The smell of stain. The prickly feeling of intense sun on my skin. I think about compost, recycling, breaking down life to sustain new life. I think of ashes to ashes and dust to dust. I wonder if I’ll ever use the compost bins without thinking of Mom. I wonder who names the colors of stain and paint. I chose ‘Canyon Brown’ for this project. I vaguely hear birds, cars passing by. Small groups of women walk by in clumps, hospital employees on their lunch break, talking about families, gardens, school starting, hospital gossip. I should be at work, on that same campus, just a ten-minute walk away. I should be, but I’m not. I’m here, staining pallets, waiting for Mom to die and then on bereavement leave.
Am I bereaved? How would I know? I wonder why I don’t care enough to follow the thought. I let it drift away.
I decide I want to make bread. I don’t eat bread often, so rarely make it any more. But my rosemary is bushy and ready to be harvested, and someone brought fresh home-grown garlic into work to share before … before all this. So I make a sponge, stirring together milk, a little sugar, yeast, water. I chop fresh rosemary and garlic, very fine. I take flour out of the freezer and let it warm. The dough is heavy under my hands, sticky at first and gradually becoming supple and smooth. The earthy smells of garlic and rosemary vanquish the smell of stain in my nostrils. I turn the dough, kneading. The timer ticks off seconds and minutes. I clean the bowl, grease it, use a linen towel to cover it for rising. I put it in the oven for safe keeping, because the cats are likely to lie on it or step in it, or nibble at it if I leave it out. The bread, like the pallets, is a project in stages. I don’t have to focus on any one step for more than a few minutes. I move between the kitchen and the back yard with my phone, not thinking, not planning, just taking the next step, and the next. I can’t remember times, so I write them down. About 90 minutes for the stain to dry. An hour for the bread to rise. Another 90 minutes for the pallet to dry. Another hour for the shaped loaves to rise. Another 90 minutes. An hour for baking.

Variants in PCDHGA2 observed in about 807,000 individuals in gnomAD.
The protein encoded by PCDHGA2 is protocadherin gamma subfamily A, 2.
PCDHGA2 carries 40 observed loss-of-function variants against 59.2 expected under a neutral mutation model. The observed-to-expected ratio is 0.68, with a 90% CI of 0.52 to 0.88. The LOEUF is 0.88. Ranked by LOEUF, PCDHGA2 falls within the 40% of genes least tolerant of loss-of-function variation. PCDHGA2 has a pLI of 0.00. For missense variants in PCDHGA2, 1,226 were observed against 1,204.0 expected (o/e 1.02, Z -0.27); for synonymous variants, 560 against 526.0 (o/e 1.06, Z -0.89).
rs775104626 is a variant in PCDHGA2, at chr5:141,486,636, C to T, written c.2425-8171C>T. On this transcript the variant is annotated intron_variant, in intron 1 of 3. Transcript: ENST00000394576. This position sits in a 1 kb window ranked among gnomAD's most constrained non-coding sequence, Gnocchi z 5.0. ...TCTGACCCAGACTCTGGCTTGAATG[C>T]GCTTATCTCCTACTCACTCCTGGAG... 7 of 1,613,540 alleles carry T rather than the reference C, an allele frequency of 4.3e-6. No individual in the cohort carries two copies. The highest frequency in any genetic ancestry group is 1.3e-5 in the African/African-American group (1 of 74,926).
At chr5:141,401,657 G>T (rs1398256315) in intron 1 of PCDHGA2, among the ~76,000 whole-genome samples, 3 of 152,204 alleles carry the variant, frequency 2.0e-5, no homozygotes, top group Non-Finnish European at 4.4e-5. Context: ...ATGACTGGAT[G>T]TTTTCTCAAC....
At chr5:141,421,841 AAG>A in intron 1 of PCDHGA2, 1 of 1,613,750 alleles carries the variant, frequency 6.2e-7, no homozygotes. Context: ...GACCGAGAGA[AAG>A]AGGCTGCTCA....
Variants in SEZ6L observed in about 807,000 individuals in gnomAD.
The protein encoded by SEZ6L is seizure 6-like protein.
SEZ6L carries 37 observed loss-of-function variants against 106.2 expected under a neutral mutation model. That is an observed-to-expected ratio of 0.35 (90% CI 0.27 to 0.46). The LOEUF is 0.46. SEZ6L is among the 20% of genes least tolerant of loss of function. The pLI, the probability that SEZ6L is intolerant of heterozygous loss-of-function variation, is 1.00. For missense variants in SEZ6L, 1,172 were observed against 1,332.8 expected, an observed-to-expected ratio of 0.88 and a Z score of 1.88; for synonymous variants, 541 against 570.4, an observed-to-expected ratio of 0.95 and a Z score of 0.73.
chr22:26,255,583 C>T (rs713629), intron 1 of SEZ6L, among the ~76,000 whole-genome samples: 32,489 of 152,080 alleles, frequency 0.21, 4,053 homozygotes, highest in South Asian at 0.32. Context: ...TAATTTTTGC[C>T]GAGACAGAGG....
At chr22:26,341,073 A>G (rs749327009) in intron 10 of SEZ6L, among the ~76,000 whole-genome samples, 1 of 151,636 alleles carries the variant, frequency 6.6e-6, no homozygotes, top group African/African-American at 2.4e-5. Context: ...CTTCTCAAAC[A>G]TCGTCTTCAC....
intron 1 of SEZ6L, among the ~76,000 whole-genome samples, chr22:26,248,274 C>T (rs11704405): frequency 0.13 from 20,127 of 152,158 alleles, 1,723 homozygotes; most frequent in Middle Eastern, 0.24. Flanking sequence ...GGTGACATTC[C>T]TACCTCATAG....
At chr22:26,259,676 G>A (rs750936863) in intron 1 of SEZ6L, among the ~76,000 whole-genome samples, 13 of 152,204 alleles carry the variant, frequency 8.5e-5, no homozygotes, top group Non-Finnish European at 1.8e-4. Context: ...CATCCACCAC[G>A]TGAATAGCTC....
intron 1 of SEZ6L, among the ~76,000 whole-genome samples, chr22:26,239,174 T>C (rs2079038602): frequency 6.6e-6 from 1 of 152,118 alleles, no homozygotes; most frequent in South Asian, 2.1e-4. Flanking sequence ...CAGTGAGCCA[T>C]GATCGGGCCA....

At the end of the day, I have two enormous round loaves of bread to cool, slice, and put in the freezer. This batch will last me for a year. I have finished another pallet. I leave it on the sawhorses to dry overnight. My stained hands smell like garlic.
I haven’t cried since the last night call, my brother telling me Mom was gone. Perhaps I cried all my tears before she went. I receive condolences with all the grace I can muster. People talk to me about God and heaven. They talk to me about Mom. They talk to me about their own experiences of death. I try to be gracious. I try to look like I’m listening, like I’m there. With my brother and sons, my partner, I can be real. The faces of my friends comfort me. They don’t need anything from me. They don’t ask for anything. I can see their concern, their love for me, their sorrow. They hug me, and smile. They talk to me about small things, the daily things I’ve lost track of – family, friends, outings, work. I pick up a friend’s daughter and feel almost normal, doing an ordinary thing, a manageable task I cannot fail.
I realize part of my feeling of unreality is rooted in a loss of identity. I catch sight of myself in the bathroom mirror and pause. I rarely look at myself in the mirror. This woman, who is she? She isn’t the disappointing daughter any more. She can’t be, if there’s no mother to disappoint. What else is she? Who else is she? I look into my own eyes and feel no shame, no guilt. Did Mom take them with her? How will I navigate my life without them on my shoulders, without the knowledge that Mom is alone, suffering, needing? For fifty years I was at her side, day and night, year after year, ineffectual, helpless to fix or heal her physical pain, her dysfunction. Feeling my failure, my powerlessness, knowing I more often made it worse than better as time went on, even though she clung closer and closer to me as she aged. She could not release me and I almost waited too long to release myself.